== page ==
SALEM — One-by-one, lawmakers on Thursday came to the side of the House floor to offer their condolences to the family of Kaylee Sawyer, the Bend woman murdered in 2016 by a Central Oregon Community College security guard.

Moments before, the House had unanimously approved Senate Bill 576, known as “Kaylee’s Law.” It was the final legislative step for the bill meant to remedy some of the issues that may have led to Sawyer’s murder.

The bill goes to Gov. Kate Brown, who said Thursday that she looks forward to signing the bill into law.

SB 576 requires campus security forces to change the appearance and use of their vehicles, equipment and uniforms so they cannot be confused for law enforcement.

In a sometimes quavering voice, Rep. Cheri Helt, R-Bend, a chief co-sponsor of the bill, rose to tell lawmakers how the confusion likely led to Sawyer’s abduction, rape and murder.

“In July of 2016, Kaylee was walking … when she was approached by a car belonging to Central Oregon Community College campus security,” Helt said. “The car looked very much like a police vehicle and when the driver offered her a ride, Kaylee got in. This car was an image that conveys safety and help.”

The bill requires video, GPS or two-way dispatch radio in vehicles so that campus security supervisors can know where their units are at all times and what is going on inside vehicles. It mandates nationwide background checks of individuals employed as campus security officers, and bars them from doing “stop and frisk” searches.

“It’s important that students and the public at large are able to differentiate between campus security officers and police officers,” Helt said. “Campus security officers provide an important service in keeping our students safe, and I want to honor the work of these professionals. At the same time, we need to make sure these lines are not blurred, but rather clear for all to see at first glance.”

Rep. Jeff Barker, D-Aloha, and a chief co-sponsor of the bill, said Sawyer’s death shows mistaken identity could be fatal.

“The tragedy of Kaylee Sawyer shows what happens when things go horribly wrong,” Barker said. “Only a police officer should look like a police officer.”

While the bill has the backing of Attorney General Ellen Rosenblum and law enforcement agencies throughout the state, Rep. Jack Zika, R-Redmond, said it would not be possible without Sawyer’s family stepping up to champion the legislation, even though testifying in Salem meant enduring repeated descriptions of her brutal death.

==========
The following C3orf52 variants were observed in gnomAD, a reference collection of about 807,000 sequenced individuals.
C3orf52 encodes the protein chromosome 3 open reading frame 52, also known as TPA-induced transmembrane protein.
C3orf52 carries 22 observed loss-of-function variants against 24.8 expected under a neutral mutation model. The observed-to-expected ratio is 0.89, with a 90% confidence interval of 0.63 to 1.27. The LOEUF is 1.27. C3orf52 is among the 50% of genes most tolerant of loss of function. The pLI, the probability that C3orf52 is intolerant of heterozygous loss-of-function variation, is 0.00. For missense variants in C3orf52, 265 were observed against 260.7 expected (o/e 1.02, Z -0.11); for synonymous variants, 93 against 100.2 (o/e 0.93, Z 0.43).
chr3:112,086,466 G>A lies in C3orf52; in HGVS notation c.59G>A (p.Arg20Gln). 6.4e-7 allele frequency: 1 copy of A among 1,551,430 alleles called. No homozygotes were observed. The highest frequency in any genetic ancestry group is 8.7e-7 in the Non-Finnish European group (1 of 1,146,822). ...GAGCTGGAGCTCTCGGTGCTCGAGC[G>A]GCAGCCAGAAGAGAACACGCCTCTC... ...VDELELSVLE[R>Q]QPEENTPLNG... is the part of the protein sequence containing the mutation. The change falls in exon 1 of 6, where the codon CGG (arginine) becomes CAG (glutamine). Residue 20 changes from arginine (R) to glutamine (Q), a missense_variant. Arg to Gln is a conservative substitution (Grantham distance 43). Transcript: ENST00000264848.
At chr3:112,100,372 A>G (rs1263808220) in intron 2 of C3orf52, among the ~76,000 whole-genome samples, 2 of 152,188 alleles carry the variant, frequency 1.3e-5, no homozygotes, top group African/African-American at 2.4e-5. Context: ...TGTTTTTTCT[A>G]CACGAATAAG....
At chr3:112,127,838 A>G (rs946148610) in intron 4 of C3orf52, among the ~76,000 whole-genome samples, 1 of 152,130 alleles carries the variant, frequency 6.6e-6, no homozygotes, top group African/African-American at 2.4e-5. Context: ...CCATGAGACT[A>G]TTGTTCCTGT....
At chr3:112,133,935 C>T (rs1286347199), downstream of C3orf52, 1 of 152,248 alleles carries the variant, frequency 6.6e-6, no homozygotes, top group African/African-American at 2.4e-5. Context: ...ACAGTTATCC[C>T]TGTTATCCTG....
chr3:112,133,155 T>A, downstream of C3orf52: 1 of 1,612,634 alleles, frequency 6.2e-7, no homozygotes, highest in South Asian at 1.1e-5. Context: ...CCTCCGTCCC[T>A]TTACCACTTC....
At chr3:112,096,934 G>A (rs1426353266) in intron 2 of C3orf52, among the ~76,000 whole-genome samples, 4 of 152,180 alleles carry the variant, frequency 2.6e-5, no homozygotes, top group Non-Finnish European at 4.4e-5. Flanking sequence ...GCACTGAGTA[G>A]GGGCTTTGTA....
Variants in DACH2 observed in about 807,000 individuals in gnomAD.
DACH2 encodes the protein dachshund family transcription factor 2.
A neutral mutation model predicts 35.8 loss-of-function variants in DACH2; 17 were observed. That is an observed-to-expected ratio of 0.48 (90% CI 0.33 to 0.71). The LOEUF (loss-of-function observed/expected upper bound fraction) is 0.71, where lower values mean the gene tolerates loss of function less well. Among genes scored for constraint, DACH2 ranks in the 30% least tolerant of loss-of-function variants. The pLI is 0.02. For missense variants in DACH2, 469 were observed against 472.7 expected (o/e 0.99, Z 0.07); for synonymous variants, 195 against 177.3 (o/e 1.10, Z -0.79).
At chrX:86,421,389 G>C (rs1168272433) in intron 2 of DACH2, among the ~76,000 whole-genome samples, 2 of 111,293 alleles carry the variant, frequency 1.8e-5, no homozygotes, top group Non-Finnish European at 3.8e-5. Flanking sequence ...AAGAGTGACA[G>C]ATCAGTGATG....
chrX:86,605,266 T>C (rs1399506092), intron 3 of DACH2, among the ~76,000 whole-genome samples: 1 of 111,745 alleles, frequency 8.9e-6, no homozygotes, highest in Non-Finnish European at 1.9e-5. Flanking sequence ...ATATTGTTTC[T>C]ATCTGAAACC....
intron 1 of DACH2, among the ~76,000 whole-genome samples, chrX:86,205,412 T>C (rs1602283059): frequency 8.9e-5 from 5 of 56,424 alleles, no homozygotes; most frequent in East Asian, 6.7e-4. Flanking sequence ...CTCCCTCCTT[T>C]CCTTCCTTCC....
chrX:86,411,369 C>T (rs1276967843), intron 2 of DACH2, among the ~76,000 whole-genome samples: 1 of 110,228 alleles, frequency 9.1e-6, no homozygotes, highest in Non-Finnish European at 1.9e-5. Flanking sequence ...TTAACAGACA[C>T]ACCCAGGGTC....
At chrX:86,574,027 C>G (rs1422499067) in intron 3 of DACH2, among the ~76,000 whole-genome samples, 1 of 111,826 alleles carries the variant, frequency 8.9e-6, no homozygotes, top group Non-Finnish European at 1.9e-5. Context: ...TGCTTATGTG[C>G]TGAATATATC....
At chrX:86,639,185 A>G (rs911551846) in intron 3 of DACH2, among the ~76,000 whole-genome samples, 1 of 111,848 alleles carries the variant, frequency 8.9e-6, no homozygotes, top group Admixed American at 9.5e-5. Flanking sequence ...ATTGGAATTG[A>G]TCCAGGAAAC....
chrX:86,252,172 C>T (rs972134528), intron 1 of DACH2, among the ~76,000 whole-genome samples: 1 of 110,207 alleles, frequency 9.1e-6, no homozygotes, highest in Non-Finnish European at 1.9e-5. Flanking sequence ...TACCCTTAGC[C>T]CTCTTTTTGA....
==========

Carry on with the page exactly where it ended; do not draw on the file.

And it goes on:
Zika called on the House to vote together to send the bill to Brown.

“Today, we are not Republicans or Democrats,” Zika said. “We are parents. Families that have lost a loved one. Oregonians that do not want a tragedy like this to happen again.”

After the vote, House Speaker Tina Kotek, D-Portland, announced the bill had passed. All the House members turned toward the Sawyer family and applauded. Then, many left their desks to pass by, shake hands and share a few words.

Jamie Sawyer, Kaylee’s father, said he appreciated the respect the House and Senate had shown his daughter’s memory and the way they treated the family at every step.

“This is very satisfying,” he said. “The enormity of it all is overwhelming.”

Crystal Sawyer, Kaylee’s stepmother, said each of several trips to the Capitol to support the bill were rough, but worth it.

“We will always be here for Kaylee,” she said.

By coincidence, the House floor session Thursday started just as a celebration of the Capitol’s Tribal Day began in the rotunda. The drums and chanting echoed through the rotunda and could be heard through the walls of the chamber.

Kaylee Sawyer was an enrolled member of the Cheyenne River Sioux Tribe in South Dakota and great-great-great-granddaughter of Chief Joseph Four Bears.

In the balcony, Deschutes County District Attorney John Hummel was sitting near Jim Walden, Sawyer’s maternal grandfather. Hummel said Walden choked up at the sound. The drumming, Walden told Hummel, was a sign “her spirit was in the building.”

Former COCC security guard Edwin Enoch Lara is serving a life sentence for Sawyer’s murder.

— Reporter: 541-640-2750, .

— Bulletin reporter Garrett Andrews contributed to this story.